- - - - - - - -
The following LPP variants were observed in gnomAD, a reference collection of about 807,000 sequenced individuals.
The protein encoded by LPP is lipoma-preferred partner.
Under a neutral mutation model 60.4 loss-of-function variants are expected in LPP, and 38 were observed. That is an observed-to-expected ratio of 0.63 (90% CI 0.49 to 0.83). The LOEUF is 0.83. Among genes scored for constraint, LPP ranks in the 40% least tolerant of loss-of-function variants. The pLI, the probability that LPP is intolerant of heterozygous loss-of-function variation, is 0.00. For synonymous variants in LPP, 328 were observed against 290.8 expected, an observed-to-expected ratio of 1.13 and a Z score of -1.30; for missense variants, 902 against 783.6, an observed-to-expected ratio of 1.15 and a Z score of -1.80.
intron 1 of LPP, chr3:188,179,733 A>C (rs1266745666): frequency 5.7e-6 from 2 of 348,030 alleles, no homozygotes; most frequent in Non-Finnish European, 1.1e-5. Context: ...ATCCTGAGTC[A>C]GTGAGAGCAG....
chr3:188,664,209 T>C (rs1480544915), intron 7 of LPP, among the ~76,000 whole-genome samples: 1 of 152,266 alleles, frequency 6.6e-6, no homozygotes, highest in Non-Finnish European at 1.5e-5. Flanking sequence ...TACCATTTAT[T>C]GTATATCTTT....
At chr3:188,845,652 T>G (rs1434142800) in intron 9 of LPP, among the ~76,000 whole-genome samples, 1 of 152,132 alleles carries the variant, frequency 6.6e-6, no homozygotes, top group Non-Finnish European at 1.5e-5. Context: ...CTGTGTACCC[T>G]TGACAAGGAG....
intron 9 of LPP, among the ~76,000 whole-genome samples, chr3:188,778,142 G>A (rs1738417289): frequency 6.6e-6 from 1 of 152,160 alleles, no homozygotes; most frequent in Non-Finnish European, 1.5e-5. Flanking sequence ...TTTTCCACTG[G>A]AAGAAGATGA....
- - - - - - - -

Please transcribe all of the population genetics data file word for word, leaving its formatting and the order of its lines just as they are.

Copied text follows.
The following LPP variants were observed in gnomAD, a reference collection of about 807,000 sequenced individuals.
The protein encoded by LPP is lipoma-preferred partner.
Under a neutral mutation model 60.4 loss-of-function variants are expected in LPP, and 38 were observed. That is an observed-to-expected ratio of 0.63 (90% CI 0.49 to 0.83). The LOEUF is 0.83. Among genes scored for constraint, LPP ranks in the 40% least tolerant of loss-of-function variants. The pLI, the probability that LPP is intolerant of heterozygous loss-of-function variation, is 0.00. For synonymous variants in LPP, 328 were observed against 290.8 expected, an observed-to-expected ratio of 1.13 and a Z score of -1.30; for missense variants, 902 against 783.6, an observed-to-expected ratio of 1.15 and a Z score of -1.80.
intron 1 of LPP, chr3:188,179,733 A>C (rs1266745666): frequency 5.7e-6 from 2 of 348,030 alleles, no homozygotes; most frequent in Non-Finnish European, 1.1e-5. Context: ...ATCCTGAGTC[A>C]GTGAGAGCAG....
chr3:188,664,209 T>C (rs1480544915), intron 7 of LPP, among the ~76,000 whole-genome samples: 1 of 152,266 alleles, frequency 6.6e-6, no homozygotes, highest in Non-Finnish European at 1.5e-5. Flanking sequence ...TACCATTTAT[T>C]GTATATCTTT....
At chr3:188,845,652 T>G (rs1434142800) in intron 9 of LPP, among the ~76,000 whole-genome samples, 1 of 152,132 alleles carries the variant, frequency 6.6e-6, no homozygotes, top group Non-Finnish European at 1.5e-5. Context: ...CTGTGTACCC[T>G]TGACAAGGAG....
intron 9 of LPP, among the ~76,000 whole-genome samples, chr3:188,778,142 G>A (rs1738417289): frequency 6.6e-6 from 1 of 152,160 alleles, no homozygotes; most frequent in Non-Finnish European, 1.5e-5. Flanking sequence ...TTTTCCACTG[G>A]AAGAAGATGA....